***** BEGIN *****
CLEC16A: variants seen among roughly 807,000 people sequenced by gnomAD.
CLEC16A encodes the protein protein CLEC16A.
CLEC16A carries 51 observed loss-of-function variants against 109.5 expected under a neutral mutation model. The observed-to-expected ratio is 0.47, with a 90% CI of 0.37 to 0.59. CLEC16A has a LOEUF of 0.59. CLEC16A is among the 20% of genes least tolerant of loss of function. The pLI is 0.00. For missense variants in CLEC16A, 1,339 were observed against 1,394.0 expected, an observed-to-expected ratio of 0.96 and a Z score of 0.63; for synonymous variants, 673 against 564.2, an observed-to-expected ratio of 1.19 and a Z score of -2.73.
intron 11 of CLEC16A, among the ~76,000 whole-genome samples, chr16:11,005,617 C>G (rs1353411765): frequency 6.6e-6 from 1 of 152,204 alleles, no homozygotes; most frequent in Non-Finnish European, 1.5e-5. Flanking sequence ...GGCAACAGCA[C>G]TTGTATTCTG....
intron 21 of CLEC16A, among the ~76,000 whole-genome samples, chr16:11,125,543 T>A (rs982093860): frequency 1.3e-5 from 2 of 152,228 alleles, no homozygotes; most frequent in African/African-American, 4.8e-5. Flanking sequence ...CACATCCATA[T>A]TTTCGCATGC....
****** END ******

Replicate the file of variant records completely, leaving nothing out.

CLEC16A: variants seen among roughly 807,000 people sequenced by gnomAD.
CLEC16A encodes the protein protein CLEC16A.
CLEC16A carries 51 observed loss-of-function variants against 109.5 expected under a neutral mutation model. The observed-to-expected ratio is 0.47, with a 90% CI of 0.37 to 0.59. CLEC16A has a LOEUF of 0.59. CLEC16A is among the 20% of genes least tolerant of loss of function. The pLI is 0.00. For missense variants in CLEC16A, 1,339 were observed against 1,394.0 expected, an observed-to-expected ratio of 0.96 and a Z score of 0.63; for synonymous variants, 673 against 564.2, an observed-to-expected ratio of 1.19 and a Z score of -2.73.
intron 11 of CLEC16A, among the ~76,000 whole-genome samples, chr16:11,005,617 C>G (rs1353411765): frequency 6.6e-6 from 1 of 152,204 alleles, no homozygotes; most frequent in Non-Finnish European, 1.5e-5. Flanking sequence ...GGCAACAGCA[C>G]TTGTATTCTG....
intron 21 of CLEC16A, among the ~76,000 whole-genome samples, chr16:11,125,543 T>A (rs982093860): frequency 1.3e-5 from 2 of 152,228 alleles, no homozygotes; most frequent in African/African-American, 4.8e-5. Flanking sequence ...CACATCCATA[T>A]TTTCGCATGC....